If, as early childhood educators, we believe in the importance of creating safe learning spaces, where children can take risks, and if this necessitates that each child feels that they belong, then we have a responsibility to interrupt microaggressions that we witness and perpetuate in our learning environments. When we name those experiences for young children, we are helping them develop a lens with which they begin to see identify those moments of marginalization, and in turn, interrupt them. An important piece of this work belongs to the adults who must model what it means to bring their full selves into the classroom. When we do this, we are explicitly sending the message to students that each piece of who they are is valuable and belongs, and that the classroom would not be complete without every last piece.

Thank you, Elena, for this eloquent response and for all of the important work you do every day working with young children and their families.  They are so lucky to have you in their lives!  As are we!

Here are some additional reading on microaggressions:

Developing Democratic Family-Professional Partnerships

Happy Real World Wednesday!

This week we are pleased to introduce Margaret (Maggie) Beneke! Maggie is currently a doctoral student at the University of Kansas studying Early Childhood Special Education. Her research focuses on inclusive*, equitable practices that support young children and families from diverse backgrounds. Her current research centers on the ways adults and young children co-construct social identities and negotiate power through discourse. In collaboration with her doctoral advisor, Dr. Gregory Cheatham, she has been analyzing language interpretation during Individualized Family Service Plan (IFSP) meetings with families who do not speak English. Her most recent publications center on developing democratic family-professional partnerships and inclusive approaches to supporting families who speak non-standard English. Prior to beginning her PhD program, she taught in an inclusive, anti-bias early childhood program in the Boston area.

We asked Maggie to tell us about (1) what democratic family-professional partnerships are and (2) some tips for our own work with families.  Here’s what she said:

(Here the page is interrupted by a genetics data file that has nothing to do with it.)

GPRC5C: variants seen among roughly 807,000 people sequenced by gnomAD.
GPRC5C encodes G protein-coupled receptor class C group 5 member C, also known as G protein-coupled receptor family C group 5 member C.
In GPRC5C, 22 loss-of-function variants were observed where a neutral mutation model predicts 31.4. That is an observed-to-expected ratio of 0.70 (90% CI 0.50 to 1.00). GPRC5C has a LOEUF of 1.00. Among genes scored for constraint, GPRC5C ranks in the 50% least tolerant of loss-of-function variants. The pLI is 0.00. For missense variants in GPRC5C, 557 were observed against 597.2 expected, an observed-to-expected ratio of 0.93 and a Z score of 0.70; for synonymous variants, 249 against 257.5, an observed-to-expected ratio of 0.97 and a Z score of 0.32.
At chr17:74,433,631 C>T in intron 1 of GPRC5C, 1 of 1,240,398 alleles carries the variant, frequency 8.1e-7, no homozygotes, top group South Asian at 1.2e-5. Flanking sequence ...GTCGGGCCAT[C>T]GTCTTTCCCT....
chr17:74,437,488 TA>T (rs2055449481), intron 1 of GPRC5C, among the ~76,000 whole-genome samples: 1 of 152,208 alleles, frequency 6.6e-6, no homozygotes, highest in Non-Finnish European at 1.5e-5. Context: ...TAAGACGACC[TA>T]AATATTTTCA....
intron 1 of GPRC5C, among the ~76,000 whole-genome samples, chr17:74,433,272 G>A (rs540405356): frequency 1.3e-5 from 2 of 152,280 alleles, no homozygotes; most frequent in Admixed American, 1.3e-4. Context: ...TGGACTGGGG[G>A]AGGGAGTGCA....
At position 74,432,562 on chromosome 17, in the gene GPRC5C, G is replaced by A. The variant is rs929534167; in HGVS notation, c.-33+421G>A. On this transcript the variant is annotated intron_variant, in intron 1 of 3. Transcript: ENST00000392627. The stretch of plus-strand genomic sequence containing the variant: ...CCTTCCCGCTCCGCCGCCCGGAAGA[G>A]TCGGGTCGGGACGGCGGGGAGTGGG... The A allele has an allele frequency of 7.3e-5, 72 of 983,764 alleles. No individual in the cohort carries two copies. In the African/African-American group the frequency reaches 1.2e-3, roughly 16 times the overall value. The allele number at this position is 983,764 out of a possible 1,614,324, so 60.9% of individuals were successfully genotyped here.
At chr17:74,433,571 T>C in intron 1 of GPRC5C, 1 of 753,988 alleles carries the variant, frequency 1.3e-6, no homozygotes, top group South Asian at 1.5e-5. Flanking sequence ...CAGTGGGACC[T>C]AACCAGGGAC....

Thank you for this opportunity!

1. What are democratic family-professional partnerships?
John Dewey’s 20th-century ideals of family–professional partnership remain relevant to the 21st-century challenges of social inequity and educational discriminat
ion (Dzur, 2004; Fischer, 2004; Skrtic, 2013; Sullivan, 2005). In true democratic family–professional partnerships, Dewey explained that professionals and citizens share responsibility through mutually beneficial alliances (Dzur, 2004; Sullivan, 2005). Deference to professional expertise can be debilitating for citizens (i.e., families), particularly those from historically marginalized backgrounds (Dzur, 2004; Fischer, 2004). When teachers and families are positioned in expert–client relationships, families’ perspectives or wisdom may be overlooked. Instead, educators can deconstruct and reconstruct expectations for family–professional partnerships to be more democratic and equitable, transforming the role of educator from expert to facilitator (Dzur, 2004; Fischer, 2004; Skrtic, 2013; Sullivan, 2005).

A democratic approach to cross-cultural family–professional partnerships (e.g., engaging families in problem solving, critical thinking, collaboration) can empower families from historically marginalized backgrounds. Educators can help families to identify strengths, goals, and problems, setting the democratic agenda in the interest of the common good. Educators can then apply specialized knowledge to address these shared goals (Fischer, 2004). In these reciprocal relationships of positive interdependence, expertise is both shared and advanced (Skrtic, 2013). As families in early childhood programs become increasingly diverse and the population of practitioners remains relatively homogeneous, practitioners and families may be positioned on opposite sides of a widening sociocultural divide. A value for democracy in early childhood means calling attention to the implicit and explicit processes that create inequity for families from culturally and linguistically diverse backgrounds.

2. What are some tips for our own work with families?
Developing democratic family-professional partnerships is not simple, and can take time. Self-reflection and dialogue can help educators can move toward conceptualizations of both culture and language that may support more democratic family-professional partnerships. This includes recognizing that: (a) there are many diverse, legitimate ways of speaking, thinking, behaving, and being; (b) mainstream cultural processes represent privileged ideologies that produce inequitable relationships; and (c) language enacts and produces relations of power in context.

To build awareness of families’ diverse, legitimate ways of speaking being, thinking, and behaving, educators can raise their awareness of and reflect on their own cultural participation. Using the ABC model (i.e., autobiography, biography, and cross-cultural comparison; He & Cooper, 2009; Schmidt, 1999) educators can write detailed autobiographies recounting aspects of their own family cultures and personal values, read the biography of a parent or caregiver with a different cultural background and differing values, and compare cultural and value differences between the two narratives. Exposure and analysis of cultural continua for social values and behavior may be beneficial in helping educators recognize the varied and valid ways culture is expressed (Cheatham & Santos, 2011; Lynch & Hanson, 2011).